Junior Miyona Katayama was present for part of the Senate discussion on Sept. 30. She spoke about how this incident reflects on Whitman as a larger institution.

“I think the main thing that has been reinforced for me is that Whitman is a place that does not know how to talk about race,” said Katayama. “We want to say we’re diverse, equitable and inclusive when we’re clearly not there yet.”

In the wake of the Sept. 30 Senate, the ASWC Executive Council, on behalf of ASWC as a whole, sent an email to the entire student body on Oct. 2.

The email starts, “This past Sunday night, the ASWC Senate caused trauma to a group of womxn of color … We did not uphold the ideals of diversity, equity, and inclusion and failed these students and their communities in their attempts to flourish at an institution like ours.”

“Nothing will change the fact that ASWC caused trauma that was outright racist and dangerous to the wellbeing of students of color,” the email continued. “We keep this in mind as we confront and reconstruct our personal and institutional norms, values, and practices.”

The email communicated a somewhat confusing message to an uninformed student body.

Ye Rim Cho spoke about her disappointment regarding the email from ASWC.

“Personally, I was very taken aback by the email. I thought at first that it was just sent to the women of color who were there; I didn’t realize it was sent to the entire school,” said Cho. “They didn’t really talk to any of us before sending this email, they kind of just sent it to try and de-escalate the situation. It felt more real to me after seeing that email, the fact that it was exposed to everyone in the school, it felt like more eyes were on me and the other people who were in that room.”

Beyond communicating a message of organizational regret, the email from ASWC carried a call to action to change long-held procedures.

“We recognize that ASWC has been perpetuating said trauma in various ways as long as we have existed and seek to not only acknowledge this, but be proactive in changing who we are and how we engage with our student body,” the Oct. 2 email stated.

Adams reflected on the traditional procedures of ASWC and how they impact students of different backgrounds differently and unfairly.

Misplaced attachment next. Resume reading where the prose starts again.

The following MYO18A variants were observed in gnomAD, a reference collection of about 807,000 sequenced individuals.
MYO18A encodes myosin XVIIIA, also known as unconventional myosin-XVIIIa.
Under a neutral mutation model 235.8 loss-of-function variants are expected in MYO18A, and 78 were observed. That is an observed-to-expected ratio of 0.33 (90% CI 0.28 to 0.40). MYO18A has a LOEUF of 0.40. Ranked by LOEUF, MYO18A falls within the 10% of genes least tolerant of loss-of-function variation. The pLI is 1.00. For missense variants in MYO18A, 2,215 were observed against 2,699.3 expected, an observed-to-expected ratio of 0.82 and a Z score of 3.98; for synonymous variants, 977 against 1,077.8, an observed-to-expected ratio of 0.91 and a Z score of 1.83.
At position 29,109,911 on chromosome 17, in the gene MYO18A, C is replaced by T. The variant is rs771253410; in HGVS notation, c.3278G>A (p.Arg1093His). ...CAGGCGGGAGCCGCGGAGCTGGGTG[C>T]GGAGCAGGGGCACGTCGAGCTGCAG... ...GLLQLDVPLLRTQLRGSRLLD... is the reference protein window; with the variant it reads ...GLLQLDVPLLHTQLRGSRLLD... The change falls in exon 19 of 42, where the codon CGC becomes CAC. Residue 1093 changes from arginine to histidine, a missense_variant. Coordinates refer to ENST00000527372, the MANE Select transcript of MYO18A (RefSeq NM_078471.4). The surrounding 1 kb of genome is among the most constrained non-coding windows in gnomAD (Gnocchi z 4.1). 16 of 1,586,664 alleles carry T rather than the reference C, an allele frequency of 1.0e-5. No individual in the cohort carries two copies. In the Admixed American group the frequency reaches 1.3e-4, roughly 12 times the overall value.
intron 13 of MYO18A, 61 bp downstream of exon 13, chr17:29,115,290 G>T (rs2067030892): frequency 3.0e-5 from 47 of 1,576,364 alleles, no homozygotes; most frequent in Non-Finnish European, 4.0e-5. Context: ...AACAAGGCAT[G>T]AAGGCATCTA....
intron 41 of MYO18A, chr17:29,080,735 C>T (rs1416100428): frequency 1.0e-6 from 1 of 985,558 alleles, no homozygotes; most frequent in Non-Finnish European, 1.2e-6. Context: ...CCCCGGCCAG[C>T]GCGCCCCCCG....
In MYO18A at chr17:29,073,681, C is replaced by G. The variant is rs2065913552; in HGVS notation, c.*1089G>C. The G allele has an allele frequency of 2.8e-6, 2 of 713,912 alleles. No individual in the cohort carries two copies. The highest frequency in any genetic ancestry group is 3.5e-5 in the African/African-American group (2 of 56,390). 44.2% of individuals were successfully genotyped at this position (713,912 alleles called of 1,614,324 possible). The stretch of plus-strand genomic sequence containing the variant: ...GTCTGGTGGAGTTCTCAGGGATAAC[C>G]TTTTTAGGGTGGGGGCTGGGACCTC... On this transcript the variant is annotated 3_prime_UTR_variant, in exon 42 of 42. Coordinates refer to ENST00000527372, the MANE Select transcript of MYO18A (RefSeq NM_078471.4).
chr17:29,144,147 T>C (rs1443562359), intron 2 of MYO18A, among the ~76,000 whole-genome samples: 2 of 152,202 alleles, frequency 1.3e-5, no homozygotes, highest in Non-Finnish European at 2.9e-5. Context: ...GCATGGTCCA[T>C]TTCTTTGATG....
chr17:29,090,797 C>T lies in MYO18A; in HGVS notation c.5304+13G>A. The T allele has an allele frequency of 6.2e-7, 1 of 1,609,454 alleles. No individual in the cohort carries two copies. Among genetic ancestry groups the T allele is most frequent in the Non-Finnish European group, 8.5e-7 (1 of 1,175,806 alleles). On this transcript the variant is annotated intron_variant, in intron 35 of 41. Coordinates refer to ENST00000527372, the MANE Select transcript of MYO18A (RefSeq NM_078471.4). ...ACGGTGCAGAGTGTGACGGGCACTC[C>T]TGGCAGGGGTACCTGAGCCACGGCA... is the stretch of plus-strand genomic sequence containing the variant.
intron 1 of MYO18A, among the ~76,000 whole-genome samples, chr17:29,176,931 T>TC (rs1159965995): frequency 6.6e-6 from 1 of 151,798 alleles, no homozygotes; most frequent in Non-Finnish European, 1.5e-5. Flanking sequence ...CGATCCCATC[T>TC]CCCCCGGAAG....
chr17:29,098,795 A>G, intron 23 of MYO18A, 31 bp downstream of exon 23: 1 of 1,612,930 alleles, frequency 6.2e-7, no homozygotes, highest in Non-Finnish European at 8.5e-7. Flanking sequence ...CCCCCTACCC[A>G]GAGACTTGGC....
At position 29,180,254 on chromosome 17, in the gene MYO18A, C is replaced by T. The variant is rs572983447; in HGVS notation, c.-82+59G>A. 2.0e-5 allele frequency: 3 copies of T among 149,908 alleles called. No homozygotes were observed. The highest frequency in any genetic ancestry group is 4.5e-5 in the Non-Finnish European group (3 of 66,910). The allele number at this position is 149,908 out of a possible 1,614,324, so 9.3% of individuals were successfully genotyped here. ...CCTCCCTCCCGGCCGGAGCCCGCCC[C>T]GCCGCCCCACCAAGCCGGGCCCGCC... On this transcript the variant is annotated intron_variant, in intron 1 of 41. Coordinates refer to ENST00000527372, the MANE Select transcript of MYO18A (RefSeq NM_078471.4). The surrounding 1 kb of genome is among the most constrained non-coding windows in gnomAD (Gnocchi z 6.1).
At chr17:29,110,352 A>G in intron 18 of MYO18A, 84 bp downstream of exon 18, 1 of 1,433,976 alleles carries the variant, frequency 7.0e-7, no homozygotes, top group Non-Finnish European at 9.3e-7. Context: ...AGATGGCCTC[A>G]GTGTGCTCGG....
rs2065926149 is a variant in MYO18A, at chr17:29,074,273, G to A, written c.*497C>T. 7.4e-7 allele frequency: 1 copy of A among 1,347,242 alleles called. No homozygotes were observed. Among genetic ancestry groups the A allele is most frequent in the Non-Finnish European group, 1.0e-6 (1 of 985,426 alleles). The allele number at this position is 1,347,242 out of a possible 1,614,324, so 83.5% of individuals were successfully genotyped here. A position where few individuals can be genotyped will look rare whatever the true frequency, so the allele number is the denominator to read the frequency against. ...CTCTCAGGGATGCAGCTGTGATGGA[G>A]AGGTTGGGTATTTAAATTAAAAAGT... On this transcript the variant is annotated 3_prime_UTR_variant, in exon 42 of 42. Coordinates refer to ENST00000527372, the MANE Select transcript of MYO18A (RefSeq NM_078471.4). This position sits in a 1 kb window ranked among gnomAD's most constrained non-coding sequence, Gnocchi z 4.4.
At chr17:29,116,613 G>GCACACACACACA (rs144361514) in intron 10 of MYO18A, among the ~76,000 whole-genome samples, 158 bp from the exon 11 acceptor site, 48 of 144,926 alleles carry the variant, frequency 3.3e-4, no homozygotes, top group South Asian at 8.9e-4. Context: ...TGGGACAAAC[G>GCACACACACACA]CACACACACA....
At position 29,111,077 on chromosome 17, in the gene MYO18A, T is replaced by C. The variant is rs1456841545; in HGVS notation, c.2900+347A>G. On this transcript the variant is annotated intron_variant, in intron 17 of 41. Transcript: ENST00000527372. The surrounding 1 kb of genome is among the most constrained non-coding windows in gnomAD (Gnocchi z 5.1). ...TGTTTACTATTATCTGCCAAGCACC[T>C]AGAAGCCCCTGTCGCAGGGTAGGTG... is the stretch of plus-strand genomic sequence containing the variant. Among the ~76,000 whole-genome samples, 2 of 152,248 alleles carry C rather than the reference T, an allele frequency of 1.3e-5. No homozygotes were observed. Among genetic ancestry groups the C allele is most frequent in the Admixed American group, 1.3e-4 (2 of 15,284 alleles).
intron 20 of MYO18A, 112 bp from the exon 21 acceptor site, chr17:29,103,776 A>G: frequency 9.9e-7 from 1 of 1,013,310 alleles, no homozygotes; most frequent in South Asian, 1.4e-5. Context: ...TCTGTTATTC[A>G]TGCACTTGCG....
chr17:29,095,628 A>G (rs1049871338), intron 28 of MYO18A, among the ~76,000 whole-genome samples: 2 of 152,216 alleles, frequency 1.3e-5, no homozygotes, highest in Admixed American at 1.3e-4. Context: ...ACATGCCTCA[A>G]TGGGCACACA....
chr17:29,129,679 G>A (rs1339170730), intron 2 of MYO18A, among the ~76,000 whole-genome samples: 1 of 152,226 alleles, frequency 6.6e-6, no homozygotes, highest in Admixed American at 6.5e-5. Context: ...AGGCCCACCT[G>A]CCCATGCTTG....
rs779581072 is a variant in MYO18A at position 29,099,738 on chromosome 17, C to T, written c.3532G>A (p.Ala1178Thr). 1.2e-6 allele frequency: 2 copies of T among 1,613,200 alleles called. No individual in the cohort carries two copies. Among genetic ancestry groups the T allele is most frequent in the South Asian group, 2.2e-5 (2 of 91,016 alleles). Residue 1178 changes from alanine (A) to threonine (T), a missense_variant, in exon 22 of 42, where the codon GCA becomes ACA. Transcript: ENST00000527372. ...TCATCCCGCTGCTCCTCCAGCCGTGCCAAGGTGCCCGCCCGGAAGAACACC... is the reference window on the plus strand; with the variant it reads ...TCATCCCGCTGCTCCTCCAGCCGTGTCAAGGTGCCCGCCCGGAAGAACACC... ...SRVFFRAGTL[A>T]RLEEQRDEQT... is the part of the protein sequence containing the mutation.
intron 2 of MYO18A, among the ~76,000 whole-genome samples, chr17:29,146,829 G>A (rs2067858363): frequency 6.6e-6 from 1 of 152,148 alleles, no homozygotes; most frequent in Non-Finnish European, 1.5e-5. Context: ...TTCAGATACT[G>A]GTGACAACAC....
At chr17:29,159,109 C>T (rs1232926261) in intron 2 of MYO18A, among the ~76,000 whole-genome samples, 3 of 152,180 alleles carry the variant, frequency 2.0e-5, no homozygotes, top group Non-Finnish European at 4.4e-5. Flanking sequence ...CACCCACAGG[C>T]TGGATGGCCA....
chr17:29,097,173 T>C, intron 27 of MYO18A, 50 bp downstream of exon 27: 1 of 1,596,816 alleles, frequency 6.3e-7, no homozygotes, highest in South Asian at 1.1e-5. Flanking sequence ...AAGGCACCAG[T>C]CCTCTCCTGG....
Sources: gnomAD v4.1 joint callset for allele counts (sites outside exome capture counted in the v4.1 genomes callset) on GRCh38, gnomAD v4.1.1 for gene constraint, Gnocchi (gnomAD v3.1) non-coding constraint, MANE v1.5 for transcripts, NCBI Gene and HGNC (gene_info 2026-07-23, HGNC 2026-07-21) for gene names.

“It seemed to me that both the format used for interacting with the requesting parties and the numerous questions asked were viewed as just the ‘typical’ ASWC way of doing things. These questions and processes don’t typically harm white students, and therefore have not been interrogated deeply in the past,” Adams said in an email to the Wire. “But these questions are most definitely unreasonable, damaging and unacceptable when posed to students of color and others from marginalized identities.”

Saleh hopes that ASWC can make institutional changes to account for its mistakes.

“I know firsthand that the individuals of ASWC are taking this issue very seriously and will make sure to address certain procedural steps that prevent ASWC from being as [unapproachable] as they are right now,” said Saleh over email correspondence. “Like any other organization, ASWC is not perfect, but we will make sure to uphold the ideals of diversity and equity for all the students of Whitman College as we look to the future, and make sure that this mistake is acknowledged so that we can start the work to address this problem.”

Looking forward, Cho hopes other students of color will be able to avoid fielding similar experiences in their interactions with ASWC. She spoke about the increased conversations surrounding the events on Nov. 30 as one positive outcome from an otherwise negative experience.

“Even though this really shitty thing happened, I think it also opened people’s eyes a lot, and a lot of conversations have been happening, and maybe some of them aren’t as productive as others, but I think we need to continue to remember what happened two weeks ago… we need to make sure we progress and continue to make these changes,” said Cho. “We can’t go backwards.”